Section 141(k) of the Delaware General Corporation Law (DGCL) contains the default rule that a corporation’s stockholders have the right to vote to remove directors from the board “with or without cause.” Section 141(k) contains two exceptions to the default rule where the removal of directors may be limited to “for cause” only removals: (1) where the board is “classified” under Section 141(d) (i.e., has multiple classes of directors with staggered terms of service, in contrast to the default “straight” board having a single class of directors), or (2) where the stockholders have cumulative voting rights for director elections under Section 214 (rather than the default plurality voting rights). In accord with Court of Chancery precedent interpreting Section 141(k), Rohe v. Reliance Training Network, Inc., 2000 WL 1038190 (Del. Ch. July 21, 2000), a recent bench ruling by the Court of Chancery, In re Vaalco Energy Stockholder Litigation, C.A. No. 11775-VCL (Del. Ch. Dec. 21, 2015) (Laster, V.C.) (Transcript Opinion), invalidated a company’s charter and bylaw provisions that purported to limit the stockholders’ right to remove directors to “for cause” only removals where the company had an unclassified board consisting of a single class of directors and the stockholders had plurality voting rights for director elections. More ›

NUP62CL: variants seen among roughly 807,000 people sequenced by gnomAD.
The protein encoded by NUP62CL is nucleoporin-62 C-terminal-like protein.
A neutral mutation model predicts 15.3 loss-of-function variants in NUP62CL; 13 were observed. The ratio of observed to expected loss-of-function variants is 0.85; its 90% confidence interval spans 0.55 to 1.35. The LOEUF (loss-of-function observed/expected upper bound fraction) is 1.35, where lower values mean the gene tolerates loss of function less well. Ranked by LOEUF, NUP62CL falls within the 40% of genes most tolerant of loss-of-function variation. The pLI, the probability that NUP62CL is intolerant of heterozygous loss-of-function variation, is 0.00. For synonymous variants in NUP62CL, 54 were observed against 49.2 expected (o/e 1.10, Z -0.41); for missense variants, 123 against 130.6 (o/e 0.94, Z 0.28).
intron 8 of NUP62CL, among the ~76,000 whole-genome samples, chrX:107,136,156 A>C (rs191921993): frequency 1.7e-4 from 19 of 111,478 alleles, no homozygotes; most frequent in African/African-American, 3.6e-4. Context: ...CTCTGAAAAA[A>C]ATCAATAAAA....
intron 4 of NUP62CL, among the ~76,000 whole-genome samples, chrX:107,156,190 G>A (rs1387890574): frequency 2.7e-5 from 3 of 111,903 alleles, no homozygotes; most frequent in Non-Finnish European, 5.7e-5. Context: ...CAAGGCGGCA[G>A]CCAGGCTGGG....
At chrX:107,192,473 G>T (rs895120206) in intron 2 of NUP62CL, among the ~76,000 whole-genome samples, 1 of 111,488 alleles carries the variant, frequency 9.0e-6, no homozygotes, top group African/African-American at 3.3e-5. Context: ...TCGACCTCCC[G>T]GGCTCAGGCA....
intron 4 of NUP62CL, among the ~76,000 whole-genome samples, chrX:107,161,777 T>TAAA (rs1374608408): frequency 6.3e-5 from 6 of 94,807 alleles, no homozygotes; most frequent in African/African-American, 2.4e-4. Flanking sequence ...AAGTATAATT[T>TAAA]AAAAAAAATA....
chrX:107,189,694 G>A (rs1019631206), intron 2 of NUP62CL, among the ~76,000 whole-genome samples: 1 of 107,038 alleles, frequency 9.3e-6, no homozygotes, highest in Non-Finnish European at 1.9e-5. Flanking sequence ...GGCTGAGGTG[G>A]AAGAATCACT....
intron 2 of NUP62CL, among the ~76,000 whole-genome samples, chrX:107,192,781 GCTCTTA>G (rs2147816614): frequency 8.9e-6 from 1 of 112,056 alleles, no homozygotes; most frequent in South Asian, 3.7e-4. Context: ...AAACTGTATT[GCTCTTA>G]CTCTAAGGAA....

Investment bankers seeking to profit as both adviser to the seller and financier to the buyer in corporate sales processes have faced increased scrutiny by Delaware courts over the last few years. In a highly-publicized 2011 decision, Vice Chancellor Laster criticized investment banker Barclays PLC for acting both as adviser to the seller and financier to the buyer in the Del Monte Foods Co. sale process. The following year, now Chief Justice, then Chancellor Strine, criticized Goldman Sachs’ role in the El Paso Corp. sales process for allegedly steering the sale to its favored buyer Kinder Morgan Inc.
In the latest Delaware decision criticizing bankers guiding corporate sales processes who seek to profit on both sides of a sale, In re Rural Metro Corp. Stockholders Litigation, the Supreme Court affirmed the Court of Chancery’s holding that investment banker RBC Capital Markets LLC (“RBC”) was liable for aiding and abetting the breach of fiduciary duties by the Board of Rural/Metro Corporation’s (“Rural” or the “Company”) in connection with its sale to private equity firm Warburg Pincus LLC (“Warburg”). (No. 140, 2015, 2015 WL 7721882 (Del. Nov. 30, 2015)). More ›